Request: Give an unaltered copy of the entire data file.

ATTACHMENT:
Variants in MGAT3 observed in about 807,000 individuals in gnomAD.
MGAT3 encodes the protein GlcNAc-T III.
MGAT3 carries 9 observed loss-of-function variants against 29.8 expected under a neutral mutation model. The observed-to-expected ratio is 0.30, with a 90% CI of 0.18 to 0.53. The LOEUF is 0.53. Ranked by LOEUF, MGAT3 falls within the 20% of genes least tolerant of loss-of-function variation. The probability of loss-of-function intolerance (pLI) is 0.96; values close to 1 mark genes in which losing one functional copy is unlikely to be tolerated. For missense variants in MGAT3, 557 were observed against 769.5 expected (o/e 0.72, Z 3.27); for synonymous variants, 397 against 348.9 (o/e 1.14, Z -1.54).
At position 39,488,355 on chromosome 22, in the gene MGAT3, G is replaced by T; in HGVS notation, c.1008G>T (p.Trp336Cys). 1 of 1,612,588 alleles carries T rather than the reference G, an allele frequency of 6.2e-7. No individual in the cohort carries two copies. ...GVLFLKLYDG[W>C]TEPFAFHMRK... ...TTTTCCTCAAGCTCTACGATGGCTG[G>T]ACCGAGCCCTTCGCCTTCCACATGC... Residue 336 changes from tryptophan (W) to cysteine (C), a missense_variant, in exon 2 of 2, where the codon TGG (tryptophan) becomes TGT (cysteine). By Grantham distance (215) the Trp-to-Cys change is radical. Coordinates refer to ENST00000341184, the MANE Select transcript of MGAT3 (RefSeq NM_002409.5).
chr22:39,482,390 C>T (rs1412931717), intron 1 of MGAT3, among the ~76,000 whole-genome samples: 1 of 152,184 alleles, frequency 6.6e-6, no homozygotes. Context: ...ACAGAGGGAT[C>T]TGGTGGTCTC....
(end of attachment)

Variants in MGAT3 observed in about 807,000 individuals in gnomAD.
MGAT3 encodes the protein GlcNAc-T III.
MGAT3 carries 9 observed loss-of-function variants against 29.8 expected under a neutral mutation model. The observed-to-expected ratio is 0.30, with a 90% CI of 0.18 to 0.53. The LOEUF is 0.53. Ranked by LOEUF, MGAT3 falls within the 20% of genes least tolerant of loss-of-function variation. The probability of loss-of-function intolerance (pLI) is 0.96; values close to 1 mark genes in which losing one functional copy is unlikely to be tolerated. For missense variants in MGAT3, 557 were observed against 769.5 expected (o/e 0.72, Z 3.27); for synonymous variants, 397 against 348.9 (o/e 1.14, Z -1.54).
At position 39,488,355 on chromosome 22, in the gene MGAT3, G is replaced by T; in HGVS notation, c.1008G>T (p.Trp336Cys). 1 of 1,612,588 alleles carries T rather than the reference G, an allele frequency of 6.2e-7. No individual in the cohort carries two copies. ...GVLFLKLYDG[W>C]TEPFAFHMRK... ...TTTTCCTCAAGCTCTACGATGGCTG[G>T]ACCGAGCCCTTCGCCTTCCACATGC... Residue 336 changes from tryptophan (W) to cysteine (C), a missense_variant, in exon 2 of 2, where the codon TGG (tryptophan) becomes TGT (cysteine). By Grantham distance (215) the Trp-to-Cys change is radical. Coordinates refer to ENST00000341184, the MANE Select transcript of MGAT3 (RefSeq NM_002409.5).
chr22:39,482,390 C>T (rs1412931717), intron 1 of MGAT3, among the ~76,000 whole-genome samples: 1 of 152,184 alleles, frequency 6.6e-6, no homozygotes. Context: ...ACAGAGGGAT[C>T]TGGTGGTCTC....